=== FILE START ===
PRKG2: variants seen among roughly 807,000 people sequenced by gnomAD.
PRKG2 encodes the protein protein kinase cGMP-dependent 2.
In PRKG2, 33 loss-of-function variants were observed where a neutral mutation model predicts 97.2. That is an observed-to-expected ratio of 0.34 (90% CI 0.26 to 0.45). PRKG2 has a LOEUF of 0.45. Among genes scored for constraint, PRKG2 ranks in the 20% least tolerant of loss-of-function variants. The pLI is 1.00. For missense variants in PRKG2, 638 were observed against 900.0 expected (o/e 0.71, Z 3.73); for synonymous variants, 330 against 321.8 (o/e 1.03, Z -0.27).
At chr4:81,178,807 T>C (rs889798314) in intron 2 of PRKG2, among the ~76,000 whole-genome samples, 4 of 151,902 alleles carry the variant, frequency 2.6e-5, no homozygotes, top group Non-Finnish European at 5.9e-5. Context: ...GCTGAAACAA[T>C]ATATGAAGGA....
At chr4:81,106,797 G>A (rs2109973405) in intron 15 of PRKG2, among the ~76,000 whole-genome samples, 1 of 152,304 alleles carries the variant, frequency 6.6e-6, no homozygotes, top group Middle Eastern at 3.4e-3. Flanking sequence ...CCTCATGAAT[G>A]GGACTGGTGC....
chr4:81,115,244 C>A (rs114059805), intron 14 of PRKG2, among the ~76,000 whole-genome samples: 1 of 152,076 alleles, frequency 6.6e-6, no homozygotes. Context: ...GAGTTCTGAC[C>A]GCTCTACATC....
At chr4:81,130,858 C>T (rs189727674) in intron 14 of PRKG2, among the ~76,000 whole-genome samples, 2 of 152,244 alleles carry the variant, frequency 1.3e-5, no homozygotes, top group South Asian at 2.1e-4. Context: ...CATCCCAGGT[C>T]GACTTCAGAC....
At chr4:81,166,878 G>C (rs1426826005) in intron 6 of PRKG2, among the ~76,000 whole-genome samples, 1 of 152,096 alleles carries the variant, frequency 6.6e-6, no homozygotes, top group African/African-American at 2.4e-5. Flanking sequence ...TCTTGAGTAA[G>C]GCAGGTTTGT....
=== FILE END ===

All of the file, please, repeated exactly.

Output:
PRKG2: variants seen among roughly 807,000 people sequenced by gnomAD.
PRKG2 encodes the protein protein kinase cGMP-dependent 2.
In PRKG2, 33 loss-of-function variants were observed where a neutral mutation model predicts 97.2. That is an observed-to-expected ratio of 0.34 (90% CI 0.26 to 0.45). PRKG2 has a LOEUF of 0.45. Among genes scored for constraint, PRKG2 ranks in the 20% least tolerant of loss-of-function variants. The pLI is 1.00. For missense variants in PRKG2, 638 were observed against 900.0 expected (o/e 0.71, Z 3.73); for synonymous variants, 330 against 321.8 (o/e 1.03, Z -0.27).
At chr4:81,178,807 T>C (rs889798314) in intron 2 of PRKG2, among the ~76,000 whole-genome samples, 4 of 151,902 alleles carry the variant, frequency 2.6e-5, no homozygotes, top group Non-Finnish European at 5.9e-5. Context: ...GCTGAAACAA[T>C]ATATGAAGGA....
At chr4:81,106,797 G>A (rs2109973405) in intron 15 of PRKG2, among the ~76,000 whole-genome samples, 1 of 152,304 alleles carries the variant, frequency 6.6e-6, no homozygotes, top group Middle Eastern at 3.4e-3. Flanking sequence ...CCTCATGAAT[G>A]GGACTGGTGC....
chr4:81,115,244 C>A (rs114059805), intron 14 of PRKG2, among the ~76,000 whole-genome samples: 1 of 152,076 alleles, frequency 6.6e-6, no homozygotes. Context: ...GAGTTCTGAC[C>A]GCTCTACATC....
At chr4:81,130,858 C>T (rs189727674) in intron 14 of PRKG2, among the ~76,000 whole-genome samples, 2 of 152,244 alleles carry the variant, frequency 1.3e-5, no homozygotes, top group South Asian at 2.1e-4. Context: ...CATCCCAGGT[C>T]GACTTCAGAC....
At chr4:81,166,878 G>C (rs1426826005) in intron 6 of PRKG2, among the ~76,000 whole-genome samples, 1 of 152,096 alleles carries the variant, frequency 6.6e-6, no homozygotes, top group African/African-American at 2.4e-5. Flanking sequence ...TCTTGAGTAA[G>C]GCAGGTTTGT....